Ciech (WSE: CIE) Debt use could be seen as risky

Warren Buffett said: “Volatility is far from synonymous with risk”. It’s only natural to consider a company’s balance sheet when looking at its level of risk, as debt is often involved when a business collapses. Like many other companies Ciech SA (WSE: CIE) uses debt. But does this debt worry shareholders?

Why Does Debt Bring Risk?

Debt is a tool to help businesses grow, but if a business is unable to repay its lenders, then it exists at their mercy. Ultimately, if the company cannot meet its legal debt repayment obligations, shareholders could walk away with nothing. While it’s not too common, we often see indebted companies continually diluting their shareholders because lenders are forcing them to raise capital at a ridiculous price. Of course, many companies use debt to finance their growth without negative consequences. The first thing to do when considering how much debt a business uses is to look at its cash flow and debt together.

See our latest review for Ciech

What is Ciech’s net debt?

As you can see below, at the end of December 2020, Ciech had a debt of Z 1.97 billion, up from Z 1.70 billion a year ago. Click on the image for more details. However, he also had Z445.2million in cash, so his net debt is Z1.53 billion.

WSE: CIE History of debt on equity May 27, 2021

Is Ciech’s balance sheet healthy?

The latest balance sheet data shows Ciech had a liability of Z 3.19 billion due within one year, and a liability of Z 401.1 million due thereafter. On the other hand, he had cash of Z 445.2 million and Z 477.7 million of receivables due within one year. Thus, its liabilities total 2.67 billion z more than the combination of its cash and short-term receivables.

When you consider that this deficit exceeds the company’s market capitalization zł2.21b, you may well be inclined to carefully review the balance sheet. Hypothetically, extremely high dilution would be required if the company were forced to repay its debts by raising capital at the current share price.

In order to measure a company’s debt relative to its profits, we calculate its net debt divided by its earnings before interest, taxes, depreciation and amortization (EBITDA) and its profit before interest and taxes (EBIT) divided by its interest. debtors (its interest coverage). The advantage of this approach is that we take into account both the absolute amount of debt (with net debt compared to EBITDA) and the actual interest charges associated with this debt (with its coverage rate). interests).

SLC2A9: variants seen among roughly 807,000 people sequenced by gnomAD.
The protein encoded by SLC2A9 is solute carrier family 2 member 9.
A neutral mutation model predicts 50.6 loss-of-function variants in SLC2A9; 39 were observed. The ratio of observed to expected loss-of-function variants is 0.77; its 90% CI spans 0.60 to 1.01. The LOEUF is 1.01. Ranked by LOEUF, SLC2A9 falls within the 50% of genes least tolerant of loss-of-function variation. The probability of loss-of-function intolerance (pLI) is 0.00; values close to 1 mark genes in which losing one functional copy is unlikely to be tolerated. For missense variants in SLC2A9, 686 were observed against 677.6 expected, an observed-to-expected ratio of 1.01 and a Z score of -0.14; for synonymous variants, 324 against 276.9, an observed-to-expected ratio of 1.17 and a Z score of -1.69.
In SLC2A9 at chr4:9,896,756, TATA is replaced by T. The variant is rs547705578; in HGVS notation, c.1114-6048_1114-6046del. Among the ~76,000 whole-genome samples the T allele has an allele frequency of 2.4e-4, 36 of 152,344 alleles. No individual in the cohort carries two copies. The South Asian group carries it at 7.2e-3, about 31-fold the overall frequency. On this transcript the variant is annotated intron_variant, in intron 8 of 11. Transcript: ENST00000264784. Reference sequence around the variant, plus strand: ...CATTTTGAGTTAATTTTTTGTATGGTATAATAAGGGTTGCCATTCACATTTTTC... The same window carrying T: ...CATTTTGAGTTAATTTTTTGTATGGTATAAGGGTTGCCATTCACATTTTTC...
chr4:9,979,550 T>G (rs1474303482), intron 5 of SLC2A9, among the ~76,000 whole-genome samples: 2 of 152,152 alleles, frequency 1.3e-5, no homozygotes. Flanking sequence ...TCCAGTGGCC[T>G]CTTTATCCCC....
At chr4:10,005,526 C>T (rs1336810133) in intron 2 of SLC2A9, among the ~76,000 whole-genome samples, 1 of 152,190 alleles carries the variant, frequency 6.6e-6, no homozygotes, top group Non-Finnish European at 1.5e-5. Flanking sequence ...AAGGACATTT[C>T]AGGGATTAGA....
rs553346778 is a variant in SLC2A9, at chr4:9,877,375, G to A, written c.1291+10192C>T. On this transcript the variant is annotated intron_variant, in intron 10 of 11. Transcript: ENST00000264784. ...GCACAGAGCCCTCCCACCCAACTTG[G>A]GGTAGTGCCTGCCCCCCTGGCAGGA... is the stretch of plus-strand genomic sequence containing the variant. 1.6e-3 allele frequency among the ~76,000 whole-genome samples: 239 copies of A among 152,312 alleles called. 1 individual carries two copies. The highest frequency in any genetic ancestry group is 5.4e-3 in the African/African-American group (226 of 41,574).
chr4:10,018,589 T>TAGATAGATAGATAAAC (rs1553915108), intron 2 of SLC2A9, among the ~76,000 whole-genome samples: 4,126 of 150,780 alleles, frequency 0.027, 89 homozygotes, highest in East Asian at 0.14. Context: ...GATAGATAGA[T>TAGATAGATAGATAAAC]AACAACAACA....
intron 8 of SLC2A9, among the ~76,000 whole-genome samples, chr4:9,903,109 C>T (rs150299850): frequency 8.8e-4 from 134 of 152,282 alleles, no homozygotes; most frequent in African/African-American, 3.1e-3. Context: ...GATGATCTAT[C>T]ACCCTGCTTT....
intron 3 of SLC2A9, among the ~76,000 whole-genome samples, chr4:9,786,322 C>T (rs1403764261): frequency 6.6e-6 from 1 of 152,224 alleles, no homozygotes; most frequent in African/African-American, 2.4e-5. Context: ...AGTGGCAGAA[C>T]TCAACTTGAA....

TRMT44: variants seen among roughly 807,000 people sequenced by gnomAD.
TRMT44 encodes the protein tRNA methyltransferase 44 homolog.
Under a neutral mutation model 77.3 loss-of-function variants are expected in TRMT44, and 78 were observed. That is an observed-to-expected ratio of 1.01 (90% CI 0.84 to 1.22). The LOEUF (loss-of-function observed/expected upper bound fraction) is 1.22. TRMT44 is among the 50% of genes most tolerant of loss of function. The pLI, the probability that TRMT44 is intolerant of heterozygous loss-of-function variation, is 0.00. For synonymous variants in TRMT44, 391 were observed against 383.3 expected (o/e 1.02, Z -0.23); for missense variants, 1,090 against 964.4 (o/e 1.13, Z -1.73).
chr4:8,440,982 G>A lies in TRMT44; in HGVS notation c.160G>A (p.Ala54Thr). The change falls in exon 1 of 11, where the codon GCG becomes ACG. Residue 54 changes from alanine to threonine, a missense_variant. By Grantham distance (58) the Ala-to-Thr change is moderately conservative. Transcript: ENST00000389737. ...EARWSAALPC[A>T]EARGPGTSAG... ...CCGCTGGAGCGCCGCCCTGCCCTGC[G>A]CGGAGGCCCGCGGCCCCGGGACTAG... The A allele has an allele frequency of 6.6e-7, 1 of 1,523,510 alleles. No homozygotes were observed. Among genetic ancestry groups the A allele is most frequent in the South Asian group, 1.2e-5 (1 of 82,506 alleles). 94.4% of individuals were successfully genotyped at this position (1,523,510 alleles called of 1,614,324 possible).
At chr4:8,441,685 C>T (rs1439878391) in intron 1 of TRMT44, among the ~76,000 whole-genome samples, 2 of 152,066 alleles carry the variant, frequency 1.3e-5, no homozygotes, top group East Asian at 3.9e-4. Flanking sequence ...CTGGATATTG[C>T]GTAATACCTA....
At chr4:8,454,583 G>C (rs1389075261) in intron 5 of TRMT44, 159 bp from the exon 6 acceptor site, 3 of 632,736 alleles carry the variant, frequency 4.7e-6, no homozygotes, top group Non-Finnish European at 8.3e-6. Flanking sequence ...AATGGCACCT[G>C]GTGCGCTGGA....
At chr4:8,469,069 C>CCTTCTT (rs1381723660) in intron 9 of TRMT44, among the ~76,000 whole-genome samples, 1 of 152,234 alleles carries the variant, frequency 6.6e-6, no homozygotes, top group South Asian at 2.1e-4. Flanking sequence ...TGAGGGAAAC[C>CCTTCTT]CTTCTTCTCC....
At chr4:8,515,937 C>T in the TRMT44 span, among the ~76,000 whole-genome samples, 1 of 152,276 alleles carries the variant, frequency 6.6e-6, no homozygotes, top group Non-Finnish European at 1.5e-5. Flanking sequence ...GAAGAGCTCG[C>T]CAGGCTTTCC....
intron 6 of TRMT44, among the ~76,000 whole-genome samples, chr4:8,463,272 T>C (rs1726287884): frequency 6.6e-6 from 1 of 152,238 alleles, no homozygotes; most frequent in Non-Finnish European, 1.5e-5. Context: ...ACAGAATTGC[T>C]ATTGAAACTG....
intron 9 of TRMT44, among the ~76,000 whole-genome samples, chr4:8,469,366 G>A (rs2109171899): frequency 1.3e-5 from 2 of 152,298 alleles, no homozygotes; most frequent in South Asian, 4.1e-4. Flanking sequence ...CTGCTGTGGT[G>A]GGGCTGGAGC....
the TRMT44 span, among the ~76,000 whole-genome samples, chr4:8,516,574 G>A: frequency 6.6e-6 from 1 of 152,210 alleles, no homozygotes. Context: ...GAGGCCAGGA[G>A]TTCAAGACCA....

Ciech’s debt is 2.7 times its EBITDA, and its EBIT covers its interest charges 4.6 times more. This suggests that while debt levels are significant, we would stop calling them problematic. Unfortunately, Ciech’s EBIT has fallen 16% over the past four quarters. If incomes continue to decline at this rate, it will be more difficult to manage debt than taking three kids under 5 to a fancy pants restaurant. The balance sheet is clearly the area to focus on when analyzing debt. But ultimately, the company’s future profitability will decide whether Ciech can strengthen its balance sheet over time. So, if you want to see what the professionals think, you might find this free Analyst Profit Forecast report interesting.

Finally, while the IRS may love accounting profits, lenders only accept hard cash. We must therefore clearly examine whether this EBIT leads to the corresponding free cash flow. In the last three years, Ciech has recorded negative free cash flow, in total. Debt is much riskier for companies with unreliable free cash flow, so shareholders should hope that past spending will produce free cash flow in the future.

Our point of view

At first glance, Ciech’s conversion of EBIT to free cash flow left us hesitant about the stock, and its EBIT growth rate was no more attractive than the single empty restaurant on the busiest night. of the year. But at least its interest coverage isn’t that bad. After looking at the data points discussed, we believe Ciech has too much debt. While some investors enjoy this kind of risky game, it is certainly not our cup of tea. When analyzing debt levels, the balance sheet is the obvious place to start. However, not all investment risks lie on the balance sheet – far from it. We have identified 2 warning signs with Ciech and understanding them should be part of your investment process.

At the end of the day, sometimes it’s easier to focus on businesses that don’t even need to go into debt. Readers can access a list of growth stocks with zero net debt 100% free, at present.

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About Jermaine Chase

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